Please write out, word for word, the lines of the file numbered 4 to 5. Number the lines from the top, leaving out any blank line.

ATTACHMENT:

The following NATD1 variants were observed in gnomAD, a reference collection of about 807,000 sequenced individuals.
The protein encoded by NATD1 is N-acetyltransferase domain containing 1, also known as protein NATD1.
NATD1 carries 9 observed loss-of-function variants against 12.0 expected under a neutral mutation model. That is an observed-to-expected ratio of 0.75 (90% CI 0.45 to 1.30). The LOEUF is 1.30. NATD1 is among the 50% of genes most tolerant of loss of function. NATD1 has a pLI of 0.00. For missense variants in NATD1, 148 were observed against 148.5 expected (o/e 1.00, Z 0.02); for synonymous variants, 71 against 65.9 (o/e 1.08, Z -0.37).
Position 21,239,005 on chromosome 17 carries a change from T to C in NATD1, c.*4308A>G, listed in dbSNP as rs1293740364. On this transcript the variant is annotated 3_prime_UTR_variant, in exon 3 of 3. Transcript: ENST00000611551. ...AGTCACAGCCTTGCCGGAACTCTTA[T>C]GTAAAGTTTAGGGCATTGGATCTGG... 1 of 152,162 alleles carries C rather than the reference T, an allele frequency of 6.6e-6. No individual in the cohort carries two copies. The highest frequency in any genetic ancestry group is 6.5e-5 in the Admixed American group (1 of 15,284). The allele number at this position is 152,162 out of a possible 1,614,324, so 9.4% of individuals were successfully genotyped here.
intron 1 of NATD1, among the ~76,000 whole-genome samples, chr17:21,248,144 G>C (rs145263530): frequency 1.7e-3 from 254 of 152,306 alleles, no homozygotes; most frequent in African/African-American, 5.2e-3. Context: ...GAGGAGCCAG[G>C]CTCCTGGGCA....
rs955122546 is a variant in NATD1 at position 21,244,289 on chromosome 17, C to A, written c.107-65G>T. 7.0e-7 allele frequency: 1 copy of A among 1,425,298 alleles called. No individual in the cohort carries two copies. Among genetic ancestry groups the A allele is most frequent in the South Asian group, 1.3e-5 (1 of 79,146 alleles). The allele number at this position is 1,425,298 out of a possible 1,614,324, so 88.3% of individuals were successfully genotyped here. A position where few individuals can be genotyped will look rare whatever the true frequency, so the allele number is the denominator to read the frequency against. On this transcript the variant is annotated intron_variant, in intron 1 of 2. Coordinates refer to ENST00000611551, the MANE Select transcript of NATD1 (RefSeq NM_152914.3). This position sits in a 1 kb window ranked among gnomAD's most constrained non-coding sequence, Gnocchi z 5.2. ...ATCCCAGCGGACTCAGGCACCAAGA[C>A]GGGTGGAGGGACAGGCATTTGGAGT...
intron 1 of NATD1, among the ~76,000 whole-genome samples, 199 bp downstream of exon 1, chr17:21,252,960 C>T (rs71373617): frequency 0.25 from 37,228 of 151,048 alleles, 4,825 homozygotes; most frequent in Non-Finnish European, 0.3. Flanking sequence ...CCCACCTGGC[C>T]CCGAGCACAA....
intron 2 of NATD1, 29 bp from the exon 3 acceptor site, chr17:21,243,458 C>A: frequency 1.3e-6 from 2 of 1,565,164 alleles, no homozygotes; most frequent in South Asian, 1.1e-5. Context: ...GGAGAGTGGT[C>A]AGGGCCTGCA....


Position 21,239,005 on chromosome 17 carries a change from T to C in NATD1, c.*4308A>G, listed in dbSNP as rs1293740364. On this transcript the variant is annotated 3_prime_UTR_variant, in exon 3 of 3. Transcript: ENST00000611551. ...AGTCACAGCCTTGCCGGAACTCTTA[T>C]GTAAAGTTTAGGGCATTGGATCTGG... 1 of 152,162 alleles carries C rather than the reference T, an allele frequency of 6.6e-6. No individual in the cohort carries two copies. The highest frequency in any genetic ancestry group is 6.5e-5 in the Admixed American group (1 of 15,284). The allele number at this position is 152,162 out of a possible 1,614,324, so 9.4% of individuals were successfully genotyped here.
intron 1 of NATD1, among the ~76,000 whole-genome samples, chr17:21,248,144 G>C (rs145263530): frequency 1.7e-3 from 254 of 152,306 alleles, no homozygotes; most frequent in African/African-American, 5.2e-3. Context: ...GAGGAGCCAG[G>C]CTCCTGGGCA....